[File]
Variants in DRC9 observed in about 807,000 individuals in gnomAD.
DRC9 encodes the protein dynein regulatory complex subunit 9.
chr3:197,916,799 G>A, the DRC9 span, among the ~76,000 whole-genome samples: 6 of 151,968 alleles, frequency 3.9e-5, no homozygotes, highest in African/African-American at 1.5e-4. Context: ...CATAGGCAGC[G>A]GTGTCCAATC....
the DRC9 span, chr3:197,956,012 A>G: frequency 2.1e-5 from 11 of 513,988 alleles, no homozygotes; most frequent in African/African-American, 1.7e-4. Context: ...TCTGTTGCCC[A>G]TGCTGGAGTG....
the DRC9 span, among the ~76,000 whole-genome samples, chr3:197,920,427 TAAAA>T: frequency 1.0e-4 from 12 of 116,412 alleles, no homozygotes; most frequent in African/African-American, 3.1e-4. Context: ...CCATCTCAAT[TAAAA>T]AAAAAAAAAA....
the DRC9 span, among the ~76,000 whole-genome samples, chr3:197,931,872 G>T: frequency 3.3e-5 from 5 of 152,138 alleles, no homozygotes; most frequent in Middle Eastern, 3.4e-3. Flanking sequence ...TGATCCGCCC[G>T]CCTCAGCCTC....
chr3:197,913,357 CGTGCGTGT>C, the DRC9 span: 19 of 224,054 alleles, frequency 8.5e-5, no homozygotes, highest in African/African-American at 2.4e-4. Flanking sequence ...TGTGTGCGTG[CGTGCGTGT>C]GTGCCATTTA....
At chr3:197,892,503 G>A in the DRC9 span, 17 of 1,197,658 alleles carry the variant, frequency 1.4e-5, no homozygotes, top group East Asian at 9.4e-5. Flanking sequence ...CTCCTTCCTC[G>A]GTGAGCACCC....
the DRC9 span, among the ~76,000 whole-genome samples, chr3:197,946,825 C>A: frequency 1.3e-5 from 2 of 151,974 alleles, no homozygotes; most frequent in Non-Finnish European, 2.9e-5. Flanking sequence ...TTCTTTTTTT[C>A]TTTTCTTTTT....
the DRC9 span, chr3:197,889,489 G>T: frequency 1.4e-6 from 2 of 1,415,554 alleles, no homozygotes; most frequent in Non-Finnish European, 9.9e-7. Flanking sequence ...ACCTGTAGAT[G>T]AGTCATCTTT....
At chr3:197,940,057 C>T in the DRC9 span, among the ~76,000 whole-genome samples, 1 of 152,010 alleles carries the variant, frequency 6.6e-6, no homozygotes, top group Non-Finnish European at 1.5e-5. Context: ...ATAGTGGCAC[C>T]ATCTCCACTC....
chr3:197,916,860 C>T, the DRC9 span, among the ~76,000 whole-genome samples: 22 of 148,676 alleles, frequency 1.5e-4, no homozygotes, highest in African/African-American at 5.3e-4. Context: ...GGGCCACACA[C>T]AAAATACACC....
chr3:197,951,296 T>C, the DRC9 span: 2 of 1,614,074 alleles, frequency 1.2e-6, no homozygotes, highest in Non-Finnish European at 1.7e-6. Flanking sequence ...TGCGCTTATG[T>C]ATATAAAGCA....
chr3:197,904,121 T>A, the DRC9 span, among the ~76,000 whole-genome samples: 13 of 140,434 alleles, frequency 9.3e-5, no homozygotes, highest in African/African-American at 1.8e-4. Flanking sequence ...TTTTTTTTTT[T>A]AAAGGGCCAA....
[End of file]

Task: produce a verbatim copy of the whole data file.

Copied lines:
Variants in DRC9 observed in about 807,000 individuals in gnomAD.
DRC9 encodes the protein dynein regulatory complex subunit 9.
chr3:197,916,799 G>A, the DRC9 span, among the ~76,000 whole-genome samples: 6 of 151,968 alleles, frequency 3.9e-5, no homozygotes, highest in African/African-American at 1.5e-4. Context: ...CATAGGCAGC[G>A]GTGTCCAATC....
the DRC9 span, chr3:197,956,012 A>G: frequency 2.1e-5 from 11 of 513,988 alleles, no homozygotes; most frequent in African/African-American, 1.7e-4. Context: ...TCTGTTGCCC[A>G]TGCTGGAGTG....
the DRC9 span, among the ~76,000 whole-genome samples, chr3:197,920,427 TAAAA>T: frequency 1.0e-4 from 12 of 116,412 alleles, no homozygotes; most frequent in African/African-American, 3.1e-4. Context: ...CCATCTCAAT[TAAAA>T]AAAAAAAAAA....
the DRC9 span, among the ~76,000 whole-genome samples, chr3:197,931,872 G>T: frequency 3.3e-5 from 5 of 152,138 alleles, no homozygotes; most frequent in Middle Eastern, 3.4e-3. Flanking sequence ...TGATCCGCCC[G>T]CCTCAGCCTC....
chr3:197,913,357 CGTGCGTGT>C, the DRC9 span: 19 of 224,054 alleles, frequency 8.5e-5, no homozygotes, highest in African/African-American at 2.4e-4. Flanking sequence ...TGTGTGCGTG[CGTGCGTGT>C]GTGCCATTTA....
At chr3:197,892,503 G>A in the DRC9 span, 17 of 1,197,658 alleles carry the variant, frequency 1.4e-5, no homozygotes, top group East Asian at 9.4e-5. Flanking sequence ...CTCCTTCCTC[G>A]GTGAGCACCC....
the DRC9 span, among the ~76,000 whole-genome samples, chr3:197,946,825 C>A: frequency 1.3e-5 from 2 of 151,974 alleles, no homozygotes; most frequent in Non-Finnish European, 2.9e-5. Flanking sequence ...TTCTTTTTTT[C>A]TTTTCTTTTT....
the DRC9 span, chr3:197,889,489 G>T: frequency 1.4e-6 from 2 of 1,415,554 alleles, no homozygotes; most frequent in Non-Finnish European, 9.9e-7. Flanking sequence ...ACCTGTAGAT[G>T]AGTCATCTTT....
At chr3:197,940,057 C>T in the DRC9 span, among the ~76,000 whole-genome samples, 1 of 152,010 alleles carries the variant, frequency 6.6e-6, no homozygotes, top group Non-Finnish European at 1.5e-5. Context: ...ATAGTGGCAC[C>T]ATCTCCACTC....
chr3:197,916,860 C>T, the DRC9 span, among the ~76,000 whole-genome samples: 22 of 148,676 alleles, frequency 1.5e-4, no homozygotes, highest in African/African-American at 5.3e-4. Context: ...GGGCCACACA[C>T]AAAATACACC....
chr3:197,951,296 T>C, the DRC9 span: 2 of 1,614,074 alleles, frequency 1.2e-6, no homozygotes, highest in Non-Finnish European at 1.7e-6. Flanking sequence ...TGCGCTTATG[T>C]ATATAAAGCA....
chr3:197,904,121 T>A, the DRC9 span, among the ~76,000 whole-genome samples: 13 of 140,434 alleles, frequency 9.3e-5, no homozygotes, highest in African/African-American at 1.8e-4. Flanking sequence ...TTTTTTTTTT[T>A]AAAGGGCCAA....